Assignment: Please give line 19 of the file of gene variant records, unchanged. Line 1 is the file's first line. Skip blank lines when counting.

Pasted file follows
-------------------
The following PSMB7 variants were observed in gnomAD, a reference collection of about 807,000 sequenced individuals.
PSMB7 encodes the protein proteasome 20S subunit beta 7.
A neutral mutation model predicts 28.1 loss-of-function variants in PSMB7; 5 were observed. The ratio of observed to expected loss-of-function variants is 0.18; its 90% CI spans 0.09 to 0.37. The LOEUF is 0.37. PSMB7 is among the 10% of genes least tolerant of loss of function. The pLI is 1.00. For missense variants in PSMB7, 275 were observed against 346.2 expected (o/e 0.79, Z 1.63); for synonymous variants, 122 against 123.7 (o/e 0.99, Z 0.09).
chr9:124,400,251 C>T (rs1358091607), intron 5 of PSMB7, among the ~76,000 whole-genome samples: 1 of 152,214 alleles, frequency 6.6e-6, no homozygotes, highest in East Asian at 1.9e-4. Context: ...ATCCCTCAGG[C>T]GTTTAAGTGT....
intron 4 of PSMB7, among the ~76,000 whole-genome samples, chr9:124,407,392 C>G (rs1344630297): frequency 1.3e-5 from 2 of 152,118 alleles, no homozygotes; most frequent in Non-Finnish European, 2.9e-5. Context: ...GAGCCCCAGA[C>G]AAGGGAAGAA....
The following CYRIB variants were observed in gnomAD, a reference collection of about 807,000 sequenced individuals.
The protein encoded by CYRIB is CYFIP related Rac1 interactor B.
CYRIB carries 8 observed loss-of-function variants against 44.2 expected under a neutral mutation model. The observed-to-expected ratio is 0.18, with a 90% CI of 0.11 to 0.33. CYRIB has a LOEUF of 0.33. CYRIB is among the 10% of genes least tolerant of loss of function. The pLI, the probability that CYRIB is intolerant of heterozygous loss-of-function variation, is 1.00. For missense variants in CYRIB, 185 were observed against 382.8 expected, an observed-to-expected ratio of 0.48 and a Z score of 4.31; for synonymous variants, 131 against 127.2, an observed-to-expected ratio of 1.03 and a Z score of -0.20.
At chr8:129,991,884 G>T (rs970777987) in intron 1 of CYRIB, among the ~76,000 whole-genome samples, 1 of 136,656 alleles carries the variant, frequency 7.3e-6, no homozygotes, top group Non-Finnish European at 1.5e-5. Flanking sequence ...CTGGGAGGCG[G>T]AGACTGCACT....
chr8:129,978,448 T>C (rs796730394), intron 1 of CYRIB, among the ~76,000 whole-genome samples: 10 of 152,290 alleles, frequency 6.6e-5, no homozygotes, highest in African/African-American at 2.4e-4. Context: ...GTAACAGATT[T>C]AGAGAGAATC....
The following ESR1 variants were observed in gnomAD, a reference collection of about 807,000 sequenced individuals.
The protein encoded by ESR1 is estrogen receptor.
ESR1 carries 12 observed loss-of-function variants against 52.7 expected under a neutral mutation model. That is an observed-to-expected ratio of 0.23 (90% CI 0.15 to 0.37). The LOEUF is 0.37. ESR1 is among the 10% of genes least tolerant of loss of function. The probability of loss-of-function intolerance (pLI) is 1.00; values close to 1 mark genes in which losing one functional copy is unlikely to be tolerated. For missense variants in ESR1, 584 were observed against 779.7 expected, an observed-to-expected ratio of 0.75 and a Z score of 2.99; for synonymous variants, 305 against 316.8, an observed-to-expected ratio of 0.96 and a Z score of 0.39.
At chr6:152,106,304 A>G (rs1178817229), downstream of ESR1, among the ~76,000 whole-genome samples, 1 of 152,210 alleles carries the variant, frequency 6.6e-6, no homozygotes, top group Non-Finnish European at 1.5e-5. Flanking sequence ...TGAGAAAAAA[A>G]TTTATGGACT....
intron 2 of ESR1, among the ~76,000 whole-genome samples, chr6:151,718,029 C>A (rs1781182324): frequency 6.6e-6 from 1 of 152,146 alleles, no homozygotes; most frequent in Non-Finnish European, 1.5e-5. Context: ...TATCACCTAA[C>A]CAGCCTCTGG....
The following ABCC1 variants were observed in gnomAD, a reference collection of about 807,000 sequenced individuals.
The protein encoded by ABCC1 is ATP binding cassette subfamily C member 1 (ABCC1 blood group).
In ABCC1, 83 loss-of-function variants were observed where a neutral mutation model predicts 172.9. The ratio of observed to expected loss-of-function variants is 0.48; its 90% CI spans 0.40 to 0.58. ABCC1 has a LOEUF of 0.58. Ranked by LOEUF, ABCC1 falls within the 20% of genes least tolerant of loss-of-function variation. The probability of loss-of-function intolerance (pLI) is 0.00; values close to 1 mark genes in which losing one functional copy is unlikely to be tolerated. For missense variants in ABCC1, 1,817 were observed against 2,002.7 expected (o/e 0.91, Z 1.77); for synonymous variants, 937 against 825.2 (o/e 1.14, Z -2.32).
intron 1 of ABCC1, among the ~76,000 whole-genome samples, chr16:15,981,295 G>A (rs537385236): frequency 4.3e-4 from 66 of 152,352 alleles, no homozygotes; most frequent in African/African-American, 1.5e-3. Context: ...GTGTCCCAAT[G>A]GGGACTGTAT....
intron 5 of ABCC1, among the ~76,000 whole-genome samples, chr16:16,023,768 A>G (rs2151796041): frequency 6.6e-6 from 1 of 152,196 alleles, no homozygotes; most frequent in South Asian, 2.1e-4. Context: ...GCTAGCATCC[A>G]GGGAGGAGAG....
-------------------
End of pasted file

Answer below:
intron 1 of ABCC1, among the ~76,000 whole-genome samples, chr16:15,981,295 G>A (rs537385236): frequency 4.3e-4 from 66 of 152,352 alleles, no homozygotes; most frequent in African/African-American, 1.5e-3. Context: ...GTGTCCCAAT[G>A]GGGACTGTAT....